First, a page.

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New York, If you want your children to stay in shape, do not allow them to indulge in burgers and pizzas. Researchers have found that fast food intake can independently contribute to excess weight gain among children.

Being overweight and obese increases the risk of numerous physical and psychosocial problems during childhood, including fatty liver disease, Type-2 diabetes and depression.

“We now know from our studies and others, that kids who start on the path of extra weight gain during this really important time frame tend to carry it forward into adolescence and adulthood, and this sets them up for major health consequences as they get older,” said first author Jennifer Emond, Assistant Professor at the Geisel School of Medicine at Dartmouth College, US.

“To our knowledge, ours is the first study to follow a cohort over time and to show that fast food, by itself, uniquely contributes to weight gain,” explained Emond.

Previous research has shown that fast food intake is common among children and has suggested that there is an association between fast food consumption and children becoming overweight or obese.

But it has not been clear whether eating fast food independently contributes to excess weight gain at such a young age.

In an effort to make this determination, the investigators followed a cohort of more than 500 pre-school age children (ages 3 to 5) and their families in southern New Hampshire for one year.

The height and weight of the children were measured at the beginning and end of the study published in the journal Pediatric Obesity.

Parents reported their children’s fast food intake frequency weekly – from 11 chain fast food restaurants – in six online surveys that were completed at two-month intervals.

The researchers found that at the beginning of the study, about 18 per cent of the children were overweight and nearly 10 per cent were obese.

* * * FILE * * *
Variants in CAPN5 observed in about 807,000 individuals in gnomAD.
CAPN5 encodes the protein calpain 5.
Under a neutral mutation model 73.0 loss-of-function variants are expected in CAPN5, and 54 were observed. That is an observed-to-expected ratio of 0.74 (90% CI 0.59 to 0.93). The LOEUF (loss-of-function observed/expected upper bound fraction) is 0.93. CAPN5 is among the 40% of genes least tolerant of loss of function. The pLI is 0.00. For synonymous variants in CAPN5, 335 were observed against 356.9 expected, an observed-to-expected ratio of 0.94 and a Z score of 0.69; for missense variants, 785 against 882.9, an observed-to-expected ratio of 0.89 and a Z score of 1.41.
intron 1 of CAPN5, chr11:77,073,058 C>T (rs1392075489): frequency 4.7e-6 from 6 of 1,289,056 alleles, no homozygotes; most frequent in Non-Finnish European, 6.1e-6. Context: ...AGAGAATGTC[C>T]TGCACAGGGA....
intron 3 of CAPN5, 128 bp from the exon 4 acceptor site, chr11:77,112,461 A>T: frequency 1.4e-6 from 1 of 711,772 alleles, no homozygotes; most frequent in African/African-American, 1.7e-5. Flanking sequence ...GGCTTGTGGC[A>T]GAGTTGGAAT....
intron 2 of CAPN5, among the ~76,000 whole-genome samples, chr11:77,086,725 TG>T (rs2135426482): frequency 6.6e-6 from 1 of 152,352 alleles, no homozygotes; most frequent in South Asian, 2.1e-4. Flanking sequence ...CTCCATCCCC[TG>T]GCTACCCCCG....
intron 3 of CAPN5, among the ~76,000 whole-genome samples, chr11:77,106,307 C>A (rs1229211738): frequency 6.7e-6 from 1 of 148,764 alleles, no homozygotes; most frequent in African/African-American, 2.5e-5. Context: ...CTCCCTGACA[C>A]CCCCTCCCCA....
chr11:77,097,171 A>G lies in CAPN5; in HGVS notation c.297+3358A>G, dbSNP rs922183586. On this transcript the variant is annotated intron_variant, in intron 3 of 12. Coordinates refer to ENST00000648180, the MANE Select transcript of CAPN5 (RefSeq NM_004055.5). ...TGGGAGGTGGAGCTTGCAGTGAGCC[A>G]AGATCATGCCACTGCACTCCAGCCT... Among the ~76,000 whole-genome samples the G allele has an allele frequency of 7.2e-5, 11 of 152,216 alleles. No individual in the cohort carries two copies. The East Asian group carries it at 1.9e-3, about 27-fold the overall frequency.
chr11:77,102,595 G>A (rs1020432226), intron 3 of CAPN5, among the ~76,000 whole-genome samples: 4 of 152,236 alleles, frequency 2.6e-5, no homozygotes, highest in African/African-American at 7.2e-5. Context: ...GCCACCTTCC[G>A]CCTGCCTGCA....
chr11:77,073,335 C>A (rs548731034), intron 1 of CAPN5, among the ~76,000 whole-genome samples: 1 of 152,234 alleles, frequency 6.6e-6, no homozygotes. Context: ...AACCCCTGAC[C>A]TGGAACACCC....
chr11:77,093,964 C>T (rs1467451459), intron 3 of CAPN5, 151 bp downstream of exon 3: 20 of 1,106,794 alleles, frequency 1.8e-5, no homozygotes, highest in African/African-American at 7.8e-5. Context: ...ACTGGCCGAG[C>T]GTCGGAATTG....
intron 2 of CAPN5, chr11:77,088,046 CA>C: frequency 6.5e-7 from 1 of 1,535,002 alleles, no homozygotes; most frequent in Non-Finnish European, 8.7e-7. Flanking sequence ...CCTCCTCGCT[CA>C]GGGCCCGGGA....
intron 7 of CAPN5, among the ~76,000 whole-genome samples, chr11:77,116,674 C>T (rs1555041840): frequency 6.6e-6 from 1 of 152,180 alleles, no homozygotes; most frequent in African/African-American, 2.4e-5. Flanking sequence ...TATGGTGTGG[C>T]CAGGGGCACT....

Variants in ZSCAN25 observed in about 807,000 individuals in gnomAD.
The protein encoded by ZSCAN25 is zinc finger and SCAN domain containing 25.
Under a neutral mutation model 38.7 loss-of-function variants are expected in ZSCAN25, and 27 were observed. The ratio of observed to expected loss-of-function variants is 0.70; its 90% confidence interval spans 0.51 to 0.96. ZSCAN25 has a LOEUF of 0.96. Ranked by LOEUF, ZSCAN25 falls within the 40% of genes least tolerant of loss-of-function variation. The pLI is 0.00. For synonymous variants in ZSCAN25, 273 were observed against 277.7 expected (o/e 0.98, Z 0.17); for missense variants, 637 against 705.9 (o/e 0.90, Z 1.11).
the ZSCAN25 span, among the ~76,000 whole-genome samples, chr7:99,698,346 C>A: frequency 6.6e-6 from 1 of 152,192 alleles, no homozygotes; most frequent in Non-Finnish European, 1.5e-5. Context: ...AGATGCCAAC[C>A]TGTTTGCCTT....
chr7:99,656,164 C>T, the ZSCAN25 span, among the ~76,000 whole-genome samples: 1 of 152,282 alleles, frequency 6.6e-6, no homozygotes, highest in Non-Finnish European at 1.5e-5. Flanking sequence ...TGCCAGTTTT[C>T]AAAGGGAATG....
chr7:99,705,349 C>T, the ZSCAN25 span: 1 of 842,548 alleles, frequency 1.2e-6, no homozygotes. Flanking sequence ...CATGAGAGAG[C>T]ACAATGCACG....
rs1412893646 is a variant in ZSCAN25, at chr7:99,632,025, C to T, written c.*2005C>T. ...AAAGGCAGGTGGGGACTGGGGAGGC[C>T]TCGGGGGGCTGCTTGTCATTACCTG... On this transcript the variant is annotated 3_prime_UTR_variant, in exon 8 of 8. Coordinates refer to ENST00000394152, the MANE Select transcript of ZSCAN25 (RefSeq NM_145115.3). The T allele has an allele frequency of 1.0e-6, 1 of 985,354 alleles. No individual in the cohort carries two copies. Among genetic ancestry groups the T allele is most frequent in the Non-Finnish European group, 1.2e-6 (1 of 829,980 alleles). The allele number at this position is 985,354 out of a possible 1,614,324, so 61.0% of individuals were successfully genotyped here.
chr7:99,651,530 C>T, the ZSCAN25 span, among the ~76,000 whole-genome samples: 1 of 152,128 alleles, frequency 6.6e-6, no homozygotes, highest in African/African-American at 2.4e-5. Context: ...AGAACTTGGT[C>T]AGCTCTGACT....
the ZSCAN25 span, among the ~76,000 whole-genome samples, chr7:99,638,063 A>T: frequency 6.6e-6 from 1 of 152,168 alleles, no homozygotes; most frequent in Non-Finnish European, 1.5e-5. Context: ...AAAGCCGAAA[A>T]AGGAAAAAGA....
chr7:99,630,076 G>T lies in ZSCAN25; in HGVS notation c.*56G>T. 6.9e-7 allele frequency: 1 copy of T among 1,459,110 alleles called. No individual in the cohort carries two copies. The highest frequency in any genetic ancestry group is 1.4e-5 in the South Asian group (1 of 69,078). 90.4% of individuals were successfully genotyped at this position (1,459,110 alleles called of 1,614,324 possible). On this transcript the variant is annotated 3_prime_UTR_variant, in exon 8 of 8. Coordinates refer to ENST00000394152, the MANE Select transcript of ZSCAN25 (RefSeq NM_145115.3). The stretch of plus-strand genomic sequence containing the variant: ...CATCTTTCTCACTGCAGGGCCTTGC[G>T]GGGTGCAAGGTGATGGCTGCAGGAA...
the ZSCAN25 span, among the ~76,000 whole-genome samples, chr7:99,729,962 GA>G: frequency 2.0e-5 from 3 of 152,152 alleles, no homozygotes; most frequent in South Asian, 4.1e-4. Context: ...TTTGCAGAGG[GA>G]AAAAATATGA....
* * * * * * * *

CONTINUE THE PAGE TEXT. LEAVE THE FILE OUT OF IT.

Importantly, about 8 per cent of the children transitioned to a greater weight status over the one-year period.

“Unlike with past research, we were able to adjust for other factors – such as exercise and screen time – that could possibly explain away this relationship,” Emond said.

“Findings from this research should be used to inform guidelines and policies that can reduce fast food marketing exposure to children and help support parents who may be struggling to adopt healthier eating behaviours for their kids,” she added.

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Green tea plus exercise may reduce fatty liver disease

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People suffering from non-alcoholic fatty liver disease may benefit from regular exercise and replacing high-calorie beverages with decaffeinated, diet green tea, suggests new research.

The researchers found that a combination of green tea extract and exercise reduced the severity of obesity-related fatty liver disease by 75 per cent in mice fed a high-fat diet Although untested in human trials, the results suggest a potential health strategy.

“Combining the two might have health benefits for people, but we don’t have the clinical data yet,” said Joshua Lambert, Associate Professor of Food Science at The Pennsylvania State University in the US.

Non-alcoholic fatty liver disease is a significant global health problem that is expected to worsen, Lambert said. Because of the high prevalence of risk factors such as obesity and Type-2 diabetes, fatty liver disease is forecast to afflict more than 100 million people by 2030. And there are currently no validated therapies for the disease.

In the study, mice fed a high-fat diet for 16 weeks that consumed green tea extract and exercised regularly by running on a wheel were found to have just a quarter of the lipid deposits in their livers compared to those seen in the livers of a control group of mice.

Mice that were treated with green tea extract alone or exercise alone had roughly half as much fat in their livers as the control group.

In addition to analyzing the liver tissues of mice in the study, which was published recently in the Journal of Nutritional Biochemistry, the researchers also measured the protein and fat content in their faeces.

They found that the mice that consumed green tea extract and exercised had higher fecal lipid and protein levels.

“By examining the livers of these mice after the study concluded and by screening their faeces during the research, we saw that the mice that consumed green tea extract and exercised actually were processing nutrients differently — their bodies were handling food differently,” Lambert said.

“We think the polyphenols in green tea interact with digestive enzymes secreted in the small intestine and partially inhibit the breakdown of carbohydrates, fat and protein in food,” he added.

“So, if a mouse doesn’t digest the fat in its diet, that fat and the calories associated with it pass through the mouse’s digestive system, and a certain amount of it ends up coming out in its faeces,” he said.